A new research says that infants are likely to develop sensitivity to negative emotional expressions around six months.
Scientists from University of Tampere studied how the infants, between 5-7 months, react to negative facial expressions. They found that infants aged 5 months react very differently to a fearful face than those aged 7 months.
"At the age of 7 months babies will watch a fearful face for longer than a happy face, and their attentiveness level as measured by EEG is higher after seeing a fearful than a happy face," said Mikko Peltola, researcher at the University of Tampere.
"By contrast, infants aged 5 months watch both faces, when they are shown side by side, for just as long, and there is no difference in the intensity of attention in favour of the fearful face," Peltola added.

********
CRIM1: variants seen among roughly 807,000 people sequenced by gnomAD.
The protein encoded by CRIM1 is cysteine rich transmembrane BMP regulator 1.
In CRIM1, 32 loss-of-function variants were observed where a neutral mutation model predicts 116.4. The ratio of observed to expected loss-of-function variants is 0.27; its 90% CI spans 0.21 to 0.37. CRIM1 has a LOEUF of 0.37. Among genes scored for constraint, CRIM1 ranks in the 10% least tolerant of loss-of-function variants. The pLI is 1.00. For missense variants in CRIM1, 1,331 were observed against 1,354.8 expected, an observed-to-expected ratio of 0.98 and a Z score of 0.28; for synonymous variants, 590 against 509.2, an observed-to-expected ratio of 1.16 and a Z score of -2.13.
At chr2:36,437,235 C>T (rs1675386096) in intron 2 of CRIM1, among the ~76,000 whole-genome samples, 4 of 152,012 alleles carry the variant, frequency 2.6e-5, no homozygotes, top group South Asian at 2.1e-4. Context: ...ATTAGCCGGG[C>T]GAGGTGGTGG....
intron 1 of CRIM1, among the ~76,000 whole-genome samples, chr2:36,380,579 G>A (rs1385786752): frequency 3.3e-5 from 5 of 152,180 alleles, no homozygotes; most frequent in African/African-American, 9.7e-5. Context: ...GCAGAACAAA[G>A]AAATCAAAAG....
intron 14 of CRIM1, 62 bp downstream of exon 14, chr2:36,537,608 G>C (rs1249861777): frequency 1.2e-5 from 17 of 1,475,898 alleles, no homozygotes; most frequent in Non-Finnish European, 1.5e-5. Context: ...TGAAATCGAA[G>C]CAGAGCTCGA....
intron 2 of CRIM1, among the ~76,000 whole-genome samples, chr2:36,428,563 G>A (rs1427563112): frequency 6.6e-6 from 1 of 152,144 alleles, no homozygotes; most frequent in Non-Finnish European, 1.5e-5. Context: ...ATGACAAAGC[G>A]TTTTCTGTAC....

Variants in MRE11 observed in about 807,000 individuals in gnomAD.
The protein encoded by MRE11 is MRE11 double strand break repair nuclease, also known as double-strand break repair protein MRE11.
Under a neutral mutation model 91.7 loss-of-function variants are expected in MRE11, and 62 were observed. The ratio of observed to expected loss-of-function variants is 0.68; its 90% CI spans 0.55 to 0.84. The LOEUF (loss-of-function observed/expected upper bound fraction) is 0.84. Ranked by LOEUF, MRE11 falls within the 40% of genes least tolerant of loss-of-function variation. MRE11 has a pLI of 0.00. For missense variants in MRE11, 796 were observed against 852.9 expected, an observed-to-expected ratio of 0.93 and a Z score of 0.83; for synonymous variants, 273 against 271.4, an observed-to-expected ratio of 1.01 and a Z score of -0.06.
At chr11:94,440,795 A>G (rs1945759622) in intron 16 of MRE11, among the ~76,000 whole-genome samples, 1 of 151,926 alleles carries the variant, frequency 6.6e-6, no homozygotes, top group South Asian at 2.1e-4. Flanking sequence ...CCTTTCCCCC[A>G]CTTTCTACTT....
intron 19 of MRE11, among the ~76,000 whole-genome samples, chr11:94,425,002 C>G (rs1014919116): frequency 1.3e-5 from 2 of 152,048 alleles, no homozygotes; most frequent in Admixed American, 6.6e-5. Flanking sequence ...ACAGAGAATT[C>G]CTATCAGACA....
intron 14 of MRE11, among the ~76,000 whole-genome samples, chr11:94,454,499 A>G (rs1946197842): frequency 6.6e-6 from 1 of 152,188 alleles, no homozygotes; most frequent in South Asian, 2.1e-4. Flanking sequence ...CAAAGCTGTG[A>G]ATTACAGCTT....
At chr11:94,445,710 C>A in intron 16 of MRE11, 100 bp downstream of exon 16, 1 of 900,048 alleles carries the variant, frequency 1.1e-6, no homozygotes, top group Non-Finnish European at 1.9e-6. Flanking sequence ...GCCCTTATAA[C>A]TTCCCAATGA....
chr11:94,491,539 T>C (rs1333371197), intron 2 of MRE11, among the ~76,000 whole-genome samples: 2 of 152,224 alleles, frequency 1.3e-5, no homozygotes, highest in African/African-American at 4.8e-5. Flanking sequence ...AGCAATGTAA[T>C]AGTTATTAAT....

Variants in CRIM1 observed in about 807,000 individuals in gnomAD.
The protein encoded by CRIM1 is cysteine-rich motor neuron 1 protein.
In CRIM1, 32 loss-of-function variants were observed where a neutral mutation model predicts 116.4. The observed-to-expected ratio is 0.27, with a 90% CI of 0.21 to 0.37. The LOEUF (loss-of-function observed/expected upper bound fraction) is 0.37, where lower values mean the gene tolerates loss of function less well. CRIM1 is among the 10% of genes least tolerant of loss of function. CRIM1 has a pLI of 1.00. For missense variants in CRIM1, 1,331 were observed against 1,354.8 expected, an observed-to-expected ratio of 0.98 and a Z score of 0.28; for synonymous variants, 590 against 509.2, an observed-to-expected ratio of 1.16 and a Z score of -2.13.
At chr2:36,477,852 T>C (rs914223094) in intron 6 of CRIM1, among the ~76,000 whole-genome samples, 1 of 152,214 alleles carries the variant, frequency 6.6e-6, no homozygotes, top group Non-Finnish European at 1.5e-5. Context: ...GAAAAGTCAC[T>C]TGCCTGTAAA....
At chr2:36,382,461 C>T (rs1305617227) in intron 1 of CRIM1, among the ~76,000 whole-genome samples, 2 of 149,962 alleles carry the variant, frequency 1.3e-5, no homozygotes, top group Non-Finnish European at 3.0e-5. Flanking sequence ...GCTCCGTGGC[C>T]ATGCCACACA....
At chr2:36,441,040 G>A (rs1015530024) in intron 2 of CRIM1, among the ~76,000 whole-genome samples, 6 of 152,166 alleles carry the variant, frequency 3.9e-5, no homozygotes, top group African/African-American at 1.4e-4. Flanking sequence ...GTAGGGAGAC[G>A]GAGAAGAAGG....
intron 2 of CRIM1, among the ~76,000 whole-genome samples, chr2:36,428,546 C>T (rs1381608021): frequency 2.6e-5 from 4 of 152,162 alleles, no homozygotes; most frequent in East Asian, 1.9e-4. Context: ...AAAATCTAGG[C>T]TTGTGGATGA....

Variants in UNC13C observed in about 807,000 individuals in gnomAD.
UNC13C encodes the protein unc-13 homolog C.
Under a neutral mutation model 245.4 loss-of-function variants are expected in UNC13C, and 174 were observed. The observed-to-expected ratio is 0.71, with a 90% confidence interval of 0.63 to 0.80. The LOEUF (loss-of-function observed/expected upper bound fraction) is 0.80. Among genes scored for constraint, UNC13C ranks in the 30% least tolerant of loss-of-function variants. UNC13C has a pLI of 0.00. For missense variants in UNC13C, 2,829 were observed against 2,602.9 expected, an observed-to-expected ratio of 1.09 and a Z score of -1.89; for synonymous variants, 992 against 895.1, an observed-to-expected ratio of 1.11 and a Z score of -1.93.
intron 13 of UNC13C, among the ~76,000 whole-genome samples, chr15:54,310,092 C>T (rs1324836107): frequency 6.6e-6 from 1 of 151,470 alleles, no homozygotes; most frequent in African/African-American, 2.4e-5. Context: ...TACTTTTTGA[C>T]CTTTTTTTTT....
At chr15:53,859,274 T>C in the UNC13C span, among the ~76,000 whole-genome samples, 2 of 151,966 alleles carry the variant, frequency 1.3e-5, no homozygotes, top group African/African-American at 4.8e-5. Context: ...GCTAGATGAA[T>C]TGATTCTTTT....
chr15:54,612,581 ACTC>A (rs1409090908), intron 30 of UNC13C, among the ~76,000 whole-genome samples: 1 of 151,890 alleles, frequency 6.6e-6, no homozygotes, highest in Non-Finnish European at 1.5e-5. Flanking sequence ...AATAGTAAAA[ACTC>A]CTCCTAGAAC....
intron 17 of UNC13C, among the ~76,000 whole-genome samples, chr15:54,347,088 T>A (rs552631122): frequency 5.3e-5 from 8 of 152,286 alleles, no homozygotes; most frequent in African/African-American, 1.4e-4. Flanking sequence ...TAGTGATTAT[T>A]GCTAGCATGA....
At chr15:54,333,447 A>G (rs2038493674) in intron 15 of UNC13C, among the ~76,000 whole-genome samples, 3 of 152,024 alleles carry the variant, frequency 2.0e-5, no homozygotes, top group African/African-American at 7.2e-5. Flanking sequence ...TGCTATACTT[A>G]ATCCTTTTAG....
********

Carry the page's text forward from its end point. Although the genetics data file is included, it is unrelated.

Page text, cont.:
The researchers believe that important developmental changes take place in the way that infants process significant emotional expressions
A fearful face attracts intense attention by the age of 7 months. In addition, it takes longer for infants to shift their attention away from fearful than from happy and neutral faces.
"Our interpretation of this is to suggest that the brain mechanisms that specialise in emotional response and especially in processing threatening stimuli regulate and intensify the processing of facial expressions by age 7 months," said Peltola.